It has been a month of mixed news for the fetus-confused
signals, coming from unexpected directions.
One of the clearer signals came from the left. The week of
Martin Luther King Day, the nation witnessed the agony of Jesse Jackson. With
both King and Mr. Jackson enrolled in the ranks of tomcats, it begins to look
as if the class act among the black political clergy is Al Sharpton.
But I come not to bury Mr. Jackson, but to praise him-for
the only good thing in the whole sad episode was the fact that he and his
mistress chose to have their child. By saving the girl’s life, or at least
acquiescing in her birth, Mr. Jackson came full circle. As he himself
(self-servingly) told us, he was illegitimate, the son of Helen Burns, a high
school student in Greenville, S. C., and Noah Robinson, a married man who lived
next door. What he did not tell us was that his mother had thought of aborting
him, until a minister persuaded her not to.
Early in his public career, when he was still only a Chicago
celebrity, he referred to abortion as “murder.” As soon as he began making
symbolic runs for President, he of course changed his tune; he could not hold
down a career as a Democratic Party tummler
while being pro-life. But after almost 20 years of inauthenticity, when the
choice came to him and his lover, they chose life. Maybe his daughter will grow
up to be a wiser person than he is; maybe she will be worse, though that’s hard
to imagine. But at least she will grow up.
Across the aisle in Right World, the G.O.P., the party that
claims (depending on who is listening) to be pro-life, was feinting so many
ways it looked as if it might lunge into its own end zone. The new first lady,
Laura Bush, told an interviewer that she did not think Roe v. Wade should be overturned, while in the Senate, John
Ashcroft, the pro-life Pentecostalist nominated to be Attorney General,
informed his former colleagues that the judgment of Roe was the settled law of the land, not to be questioned by mere
cabinet members. A friend of mine from Missouri, showing the class stigmata of
his upbringing, wondered if Ashcroft had ever spoken in tongues? I suggested
that perhaps his testimony was a burst of liberal glossolalia: John Peter
Zenger, Areopagitica , defend to the
death your right to say it, alleluia!
Whatever the truth of the
matter, it looked like important Republicans were engaging once more in that
old G.O.P. culture-war two-step: keeping the snake handlers in line, while
giving a wink to the rich old babes at the country club, fingering their pearls
and their martinis.
But first ladies and donors do not make policy (at least
not, let us hope, in this administration); direction will have to come from
President Bush. One of his first acts in office was to repeal a Clinton-era
executive order which allowed federal money to go to groups that advocate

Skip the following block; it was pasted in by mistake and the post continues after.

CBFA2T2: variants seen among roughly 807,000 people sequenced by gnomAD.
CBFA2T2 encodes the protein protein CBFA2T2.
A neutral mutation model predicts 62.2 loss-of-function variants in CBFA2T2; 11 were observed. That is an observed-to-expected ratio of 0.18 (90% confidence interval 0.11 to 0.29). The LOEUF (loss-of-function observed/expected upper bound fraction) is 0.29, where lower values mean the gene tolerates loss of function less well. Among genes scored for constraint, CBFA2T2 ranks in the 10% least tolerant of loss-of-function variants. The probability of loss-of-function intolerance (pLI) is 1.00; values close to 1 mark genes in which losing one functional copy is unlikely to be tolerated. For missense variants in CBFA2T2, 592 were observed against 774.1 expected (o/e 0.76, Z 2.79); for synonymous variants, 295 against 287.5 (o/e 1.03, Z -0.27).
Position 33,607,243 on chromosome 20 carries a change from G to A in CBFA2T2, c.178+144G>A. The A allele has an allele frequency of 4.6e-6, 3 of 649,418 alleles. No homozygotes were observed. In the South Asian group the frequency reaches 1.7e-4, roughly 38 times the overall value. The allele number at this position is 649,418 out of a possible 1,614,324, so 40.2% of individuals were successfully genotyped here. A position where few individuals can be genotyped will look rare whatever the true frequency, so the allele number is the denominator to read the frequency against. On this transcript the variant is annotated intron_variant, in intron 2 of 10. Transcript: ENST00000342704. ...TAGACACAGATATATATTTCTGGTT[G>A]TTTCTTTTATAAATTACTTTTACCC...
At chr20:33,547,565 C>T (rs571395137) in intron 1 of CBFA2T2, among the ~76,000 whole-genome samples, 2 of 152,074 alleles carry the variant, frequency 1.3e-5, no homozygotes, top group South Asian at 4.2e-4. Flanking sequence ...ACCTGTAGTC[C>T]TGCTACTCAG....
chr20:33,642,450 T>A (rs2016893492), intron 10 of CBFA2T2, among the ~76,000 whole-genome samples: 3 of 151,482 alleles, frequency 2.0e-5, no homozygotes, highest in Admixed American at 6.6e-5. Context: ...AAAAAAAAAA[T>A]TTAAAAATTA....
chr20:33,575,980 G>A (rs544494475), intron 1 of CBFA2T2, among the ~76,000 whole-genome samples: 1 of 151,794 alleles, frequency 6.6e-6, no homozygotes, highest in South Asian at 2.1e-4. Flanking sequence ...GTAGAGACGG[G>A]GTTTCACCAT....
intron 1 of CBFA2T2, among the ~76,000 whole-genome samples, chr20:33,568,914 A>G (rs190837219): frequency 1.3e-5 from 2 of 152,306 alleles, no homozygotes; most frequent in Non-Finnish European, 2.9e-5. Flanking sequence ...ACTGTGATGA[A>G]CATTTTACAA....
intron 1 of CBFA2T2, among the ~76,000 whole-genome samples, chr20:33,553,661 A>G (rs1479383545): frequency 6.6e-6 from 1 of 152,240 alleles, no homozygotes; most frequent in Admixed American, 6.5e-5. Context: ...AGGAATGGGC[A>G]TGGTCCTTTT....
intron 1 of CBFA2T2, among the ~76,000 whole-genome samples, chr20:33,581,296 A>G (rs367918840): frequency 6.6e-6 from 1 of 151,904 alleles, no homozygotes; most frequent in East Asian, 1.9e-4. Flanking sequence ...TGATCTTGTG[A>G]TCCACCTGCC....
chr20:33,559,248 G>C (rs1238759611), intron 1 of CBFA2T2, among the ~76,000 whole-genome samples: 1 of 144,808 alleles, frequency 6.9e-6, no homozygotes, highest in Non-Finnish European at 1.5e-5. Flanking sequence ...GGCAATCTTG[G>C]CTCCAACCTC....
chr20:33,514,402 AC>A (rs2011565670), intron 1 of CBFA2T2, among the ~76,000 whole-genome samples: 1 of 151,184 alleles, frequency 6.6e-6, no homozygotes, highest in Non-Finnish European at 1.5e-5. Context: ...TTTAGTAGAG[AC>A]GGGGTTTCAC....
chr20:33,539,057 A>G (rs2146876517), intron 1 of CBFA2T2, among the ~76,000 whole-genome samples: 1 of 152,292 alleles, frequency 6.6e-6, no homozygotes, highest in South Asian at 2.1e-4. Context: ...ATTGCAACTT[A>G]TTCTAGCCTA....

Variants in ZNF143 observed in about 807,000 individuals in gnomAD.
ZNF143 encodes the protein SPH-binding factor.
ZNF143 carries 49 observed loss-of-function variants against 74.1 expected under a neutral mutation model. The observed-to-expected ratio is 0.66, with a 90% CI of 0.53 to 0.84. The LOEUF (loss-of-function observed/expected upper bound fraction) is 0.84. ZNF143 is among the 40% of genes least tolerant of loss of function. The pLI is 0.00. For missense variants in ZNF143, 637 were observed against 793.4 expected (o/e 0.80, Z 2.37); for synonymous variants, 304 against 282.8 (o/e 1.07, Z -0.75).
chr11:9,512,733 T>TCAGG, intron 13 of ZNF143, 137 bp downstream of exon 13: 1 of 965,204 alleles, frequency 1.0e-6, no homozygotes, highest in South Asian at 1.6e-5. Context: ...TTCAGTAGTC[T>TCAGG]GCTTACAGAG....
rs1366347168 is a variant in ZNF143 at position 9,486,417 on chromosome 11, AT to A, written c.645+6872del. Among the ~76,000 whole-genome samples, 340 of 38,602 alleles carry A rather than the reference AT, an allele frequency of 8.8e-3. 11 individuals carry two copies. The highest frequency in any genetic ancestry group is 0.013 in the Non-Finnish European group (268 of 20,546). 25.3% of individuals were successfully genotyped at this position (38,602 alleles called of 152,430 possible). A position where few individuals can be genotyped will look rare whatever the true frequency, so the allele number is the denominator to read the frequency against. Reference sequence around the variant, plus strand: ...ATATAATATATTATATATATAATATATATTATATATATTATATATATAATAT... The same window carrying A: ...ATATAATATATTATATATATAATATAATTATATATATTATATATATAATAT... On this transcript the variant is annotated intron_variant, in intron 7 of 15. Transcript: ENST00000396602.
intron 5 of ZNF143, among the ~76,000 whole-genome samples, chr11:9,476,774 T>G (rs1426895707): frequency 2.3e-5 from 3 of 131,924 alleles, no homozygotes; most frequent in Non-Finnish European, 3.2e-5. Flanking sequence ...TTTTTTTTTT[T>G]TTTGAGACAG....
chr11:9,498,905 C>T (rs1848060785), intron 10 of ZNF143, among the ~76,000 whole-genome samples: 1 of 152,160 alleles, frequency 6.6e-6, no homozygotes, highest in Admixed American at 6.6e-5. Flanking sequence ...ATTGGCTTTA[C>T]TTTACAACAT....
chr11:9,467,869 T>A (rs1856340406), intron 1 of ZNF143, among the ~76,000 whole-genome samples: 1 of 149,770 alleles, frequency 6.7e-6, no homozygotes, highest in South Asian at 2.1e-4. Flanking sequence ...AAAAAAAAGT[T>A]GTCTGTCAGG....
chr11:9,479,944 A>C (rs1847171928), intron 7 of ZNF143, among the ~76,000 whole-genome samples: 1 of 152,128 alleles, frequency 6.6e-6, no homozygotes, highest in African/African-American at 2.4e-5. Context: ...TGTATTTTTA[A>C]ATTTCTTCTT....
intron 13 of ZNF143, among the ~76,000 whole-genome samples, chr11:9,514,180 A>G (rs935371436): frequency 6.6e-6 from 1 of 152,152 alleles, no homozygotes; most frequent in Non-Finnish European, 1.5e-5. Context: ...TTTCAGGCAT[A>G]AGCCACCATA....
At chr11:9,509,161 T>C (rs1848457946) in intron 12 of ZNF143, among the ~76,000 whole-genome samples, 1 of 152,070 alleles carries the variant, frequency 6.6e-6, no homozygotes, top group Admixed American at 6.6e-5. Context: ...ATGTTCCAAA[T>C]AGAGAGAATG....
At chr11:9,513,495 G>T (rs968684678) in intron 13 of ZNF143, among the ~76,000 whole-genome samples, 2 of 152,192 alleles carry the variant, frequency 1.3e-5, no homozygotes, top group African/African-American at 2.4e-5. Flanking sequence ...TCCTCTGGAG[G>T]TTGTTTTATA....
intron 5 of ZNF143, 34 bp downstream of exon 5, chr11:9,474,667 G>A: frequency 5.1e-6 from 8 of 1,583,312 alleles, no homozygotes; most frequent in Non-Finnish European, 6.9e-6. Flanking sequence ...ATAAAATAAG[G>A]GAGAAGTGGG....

aborting foreigners-a tidy little gift to Planned Parenthood and its friends.
(Maybe they can make up the shortfall from the Chinese, whose one-child policy
makes them obvious soul mates.) That was a welcome sign.
But what will George W.
do about abortions in this country? Unless he finds a conservative black
lesbian, he will have a hell of a time getting anyone on the Supreme Court. He
can say all he wants that every child should be “welcomed in life,” but
politicians do not welcome continuous battle on all fronts. If he has to cut
taxes, revive the military, reform education and give the elderly cheap drugs,
then an easy defensive perimeter on the abortion question-no subsidies, no
killing babies who are already poking out, but no help for the million-plus per
year who are caught in the womb (gotcha!)-will seem very attractive to him.
On the other hand, as a friend who knows George W. told me,
admiringly, “He’s a prick.” Meaning, beneath the aw-shucks and the extra
syllables, he stubbornly pursues what he wants and doesn’t care much about
criticism, or at all about his critics. At the same time, it is true that he
wants to lower partisan tension, dismantle the Clintonian attack machine and
woo the undecided voters who broke so steeply against him over the last weekend
of the campaign. He is both a tough guy and a healer. Better to be that than
Richard Nixon, who was abrasive without being terribly principled.
Maybe the pro-life movement is entering a period in which
its greatest gains will not be made in the realm of politics. The fight for
life is often compared to the fight against slavery: Both were waged against
people, many of them self-interested, but many of them decent, even noble, who
could not see the humanity of the parties at issue. Since the earlier struggle
ended in fratricidal war, it is to be hoped that the comparison does not extend
to the narrative level; I don’t know what Cardinal Egan thinks, but I am not
ready to refight the Battle of the Wilderness just yet. So events between 1830
and 1860 may have their modern parallels out of sequence. For a period,
abolitionists spurned politics, relying entirely on moral suasion. John Jay
Chapman’s biography of William Lloyd Garrison describes the electric effect of
a gesture so simple as walking down a Boston street with a black man and
introducing him to one’s friends, including one’s lady friends, as one would
any white stranger.
No one can meet a fetus. If we call and leave our cards, the
visit will not be returned. But six months later, or six years later, or 16
years later-the visit could be returned then. The nameless being will not have
grown into a manatee, or a tumor, or a toenail. It will be Jesse Jackson,
dishonest, impossible and occasionally eloquent. Or it will be his daughter. Or
it will be you, hypocrite reader, my double, my brother.